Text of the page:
2. Check for a dial-up modem. Most computers have a dial-up modem already installed on the computer, but some of the newer, cheaper computers are now being sold without dial-up modems. How can you tell if your computer has a modem? Check your tower or the back and sides of your laptop for a phone port. It should look just like a phone jack in your wall and sometimes is labeled with the picture of a phone plug or the word “line”. Don’t get your modem phone port confused with an Ethernet port, which is slightly larger and used for broadband cables.
 
3. Make sure your modem is working properly. You can test your modem by hooking it up with a regular telephone cord to a landline jack and creating a test dial-up account manually. You can get local access numbers from ISP websites or by calling their customer service. If you get 691 “Invalid Username and Password” error, you have established a connection to the Internet, and your modem is working properly. Any other error could indicate that your modem is not working or you possibly set up the dialer wrong. A local technician could also test and repair your modem issues if necessary. However, if you decide to take your computer to a technician, keep in mind that you may end up spending more fixing a used modem than if you just buy a new modem.
 
4. Buy a modem if necessary. If you don’t have a modem on your computer or it does not work, you will probably need to buy a modem. A “56 K” modem is the most recent dial-up modem and any model should be compatible to your computer, but ask a store attendant if you are not sure. You can find dial-up modems in most computer stores and department stores. Prices vary depending on the store and the type of modem you buy. You should look for external modems, as opposed to internal modems (which require removing your computer case and physically installing it inside your tower). External modems usually plug into a USB port and even amateurs should not have trouble following the installation directions.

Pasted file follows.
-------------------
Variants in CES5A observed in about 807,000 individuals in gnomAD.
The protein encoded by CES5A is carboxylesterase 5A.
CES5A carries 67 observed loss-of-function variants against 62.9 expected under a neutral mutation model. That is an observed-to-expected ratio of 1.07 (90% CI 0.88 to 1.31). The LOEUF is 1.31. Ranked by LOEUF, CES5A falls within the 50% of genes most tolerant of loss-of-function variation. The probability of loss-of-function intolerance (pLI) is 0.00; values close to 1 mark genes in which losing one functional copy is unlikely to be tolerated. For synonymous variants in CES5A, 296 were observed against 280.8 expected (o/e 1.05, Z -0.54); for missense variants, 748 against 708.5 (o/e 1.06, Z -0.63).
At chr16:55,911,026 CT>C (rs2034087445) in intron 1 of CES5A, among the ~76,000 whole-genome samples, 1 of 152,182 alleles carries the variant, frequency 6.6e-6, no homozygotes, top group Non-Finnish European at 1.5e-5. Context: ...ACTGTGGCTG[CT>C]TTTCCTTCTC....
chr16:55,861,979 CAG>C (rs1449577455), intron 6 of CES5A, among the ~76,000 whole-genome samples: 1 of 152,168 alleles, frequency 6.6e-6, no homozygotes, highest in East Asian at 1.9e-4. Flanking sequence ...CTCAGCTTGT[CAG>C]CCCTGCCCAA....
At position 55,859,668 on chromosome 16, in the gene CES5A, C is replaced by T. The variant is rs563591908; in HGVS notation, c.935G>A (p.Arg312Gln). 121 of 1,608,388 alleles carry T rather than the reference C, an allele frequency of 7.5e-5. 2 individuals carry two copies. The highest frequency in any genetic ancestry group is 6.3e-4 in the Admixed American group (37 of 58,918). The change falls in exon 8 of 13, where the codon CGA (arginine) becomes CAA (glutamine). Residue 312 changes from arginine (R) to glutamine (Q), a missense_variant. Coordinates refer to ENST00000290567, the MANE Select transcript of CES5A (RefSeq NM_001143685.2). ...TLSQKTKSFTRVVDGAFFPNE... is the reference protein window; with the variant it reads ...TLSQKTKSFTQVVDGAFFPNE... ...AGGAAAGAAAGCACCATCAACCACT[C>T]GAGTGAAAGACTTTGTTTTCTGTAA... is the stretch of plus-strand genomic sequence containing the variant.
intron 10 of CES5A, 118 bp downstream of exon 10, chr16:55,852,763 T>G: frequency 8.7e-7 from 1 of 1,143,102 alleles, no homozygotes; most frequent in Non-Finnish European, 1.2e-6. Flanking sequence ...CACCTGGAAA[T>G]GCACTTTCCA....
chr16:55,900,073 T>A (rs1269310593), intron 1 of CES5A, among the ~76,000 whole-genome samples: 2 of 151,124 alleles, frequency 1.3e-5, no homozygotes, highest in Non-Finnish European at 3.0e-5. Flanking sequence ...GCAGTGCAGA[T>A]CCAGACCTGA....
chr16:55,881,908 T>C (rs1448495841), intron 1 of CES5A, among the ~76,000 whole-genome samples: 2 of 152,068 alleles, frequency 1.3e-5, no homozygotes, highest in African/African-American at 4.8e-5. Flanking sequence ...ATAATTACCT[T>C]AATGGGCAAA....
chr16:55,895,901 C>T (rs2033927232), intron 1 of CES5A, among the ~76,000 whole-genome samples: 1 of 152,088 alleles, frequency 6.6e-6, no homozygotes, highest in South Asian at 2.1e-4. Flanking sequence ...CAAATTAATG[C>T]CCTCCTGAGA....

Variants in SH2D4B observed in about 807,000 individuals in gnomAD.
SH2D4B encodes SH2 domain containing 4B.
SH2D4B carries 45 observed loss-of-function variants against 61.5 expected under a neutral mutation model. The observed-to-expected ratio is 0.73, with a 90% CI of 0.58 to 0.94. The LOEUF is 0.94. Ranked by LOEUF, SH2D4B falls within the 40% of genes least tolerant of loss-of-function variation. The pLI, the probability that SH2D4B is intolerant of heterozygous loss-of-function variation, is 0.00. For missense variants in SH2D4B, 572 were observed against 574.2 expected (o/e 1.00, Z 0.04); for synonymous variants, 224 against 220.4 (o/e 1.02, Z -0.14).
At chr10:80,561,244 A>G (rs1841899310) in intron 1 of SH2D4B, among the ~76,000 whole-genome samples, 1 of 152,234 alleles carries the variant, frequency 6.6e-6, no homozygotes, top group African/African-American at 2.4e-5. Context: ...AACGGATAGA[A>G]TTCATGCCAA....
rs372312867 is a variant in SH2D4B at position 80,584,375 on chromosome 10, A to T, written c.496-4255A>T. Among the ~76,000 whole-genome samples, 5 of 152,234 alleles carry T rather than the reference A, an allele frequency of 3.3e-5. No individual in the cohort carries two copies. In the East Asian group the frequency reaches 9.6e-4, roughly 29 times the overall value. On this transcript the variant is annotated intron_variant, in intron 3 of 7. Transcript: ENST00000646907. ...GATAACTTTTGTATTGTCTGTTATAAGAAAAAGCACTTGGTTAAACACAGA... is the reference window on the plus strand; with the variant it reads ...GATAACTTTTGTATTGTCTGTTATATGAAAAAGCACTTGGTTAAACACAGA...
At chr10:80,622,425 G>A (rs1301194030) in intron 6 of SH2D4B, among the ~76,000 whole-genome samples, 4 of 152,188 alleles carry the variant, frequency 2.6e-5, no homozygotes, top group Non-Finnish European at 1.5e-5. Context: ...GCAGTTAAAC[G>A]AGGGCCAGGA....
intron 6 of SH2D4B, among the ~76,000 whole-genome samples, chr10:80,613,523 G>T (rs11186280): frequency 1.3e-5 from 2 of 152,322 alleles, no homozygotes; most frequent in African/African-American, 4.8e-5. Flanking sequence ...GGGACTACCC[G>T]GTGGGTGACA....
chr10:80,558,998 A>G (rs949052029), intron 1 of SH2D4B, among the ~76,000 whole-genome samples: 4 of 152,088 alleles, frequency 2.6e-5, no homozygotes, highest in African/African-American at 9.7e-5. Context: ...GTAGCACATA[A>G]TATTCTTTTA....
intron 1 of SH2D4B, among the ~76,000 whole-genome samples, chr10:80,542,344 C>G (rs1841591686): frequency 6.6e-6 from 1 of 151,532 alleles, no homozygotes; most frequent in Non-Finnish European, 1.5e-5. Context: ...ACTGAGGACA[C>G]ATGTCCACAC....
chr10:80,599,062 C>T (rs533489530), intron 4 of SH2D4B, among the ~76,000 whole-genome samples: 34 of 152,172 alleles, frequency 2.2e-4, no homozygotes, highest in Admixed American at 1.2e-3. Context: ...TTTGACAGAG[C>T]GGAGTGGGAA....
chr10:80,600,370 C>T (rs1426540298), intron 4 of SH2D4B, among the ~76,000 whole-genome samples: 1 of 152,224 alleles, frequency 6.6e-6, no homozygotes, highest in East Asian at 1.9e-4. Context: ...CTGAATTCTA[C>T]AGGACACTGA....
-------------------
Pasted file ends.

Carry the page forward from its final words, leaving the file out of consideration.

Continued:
5. Consider extra phone and modem features. If you want to be able to receive calls while you are connected, you will need to add call waiting to your phone plan. You will also need a V.92 modem that has the “modem-on-hold” feature. Caller ID is also helpful so you can see who is calling and determine if it is worth disconnecting from the Internet to take the call. V.92 modems may also help you connect at faster speeds. To check what type of modem you have on your computer, check the phone and modem options on your control panel, refer to the computer/modem manual, or check with a local technician. Your ISP can also help you locate your modem properties.
 
6. Check for local access numbers. Your ISP will probably give you a local access number, but they cannot verify that it is local for you. Ask for several access numbers in your area and call your phone company. Make sure these data transfer numbers will not incur any extra charges on your phone plan. If you have unlimited long distance and don’t have local access numbers, you still want to get the closest number possible to sustain a better connection. You may need to ask your long distance phone company about their policy of data transfer numbers or excessive usage. Some unlimited long distance companies may threaten to terminate your service for using a long distance access numbers excessively.
 
7. Consider your total expenses. Check out a variety of ISP’s available to you. Do they have contracts, hidden fees? What are the payment methods and prices, and do the prices change over time? What are the terms of service? Make sure there are no additional charges and that you understand the signup, billing, and cancellation procedure so that you do not incur unnecessary charges over a misunderstanding. How do you cancel if you’re not satisfied? There are many ISP’s wanting your business and offering great prices. Make sure you look around and get something that will give you the best deal and satisfaction. Run a search query on the name of the ISP and “promotion” or “special offer” to see if you can get a first time customer discount.
 
Now that you are prepared for dial-up, you can connect simply and avoid some of the typical start up surprises. Happy dial-up shopping!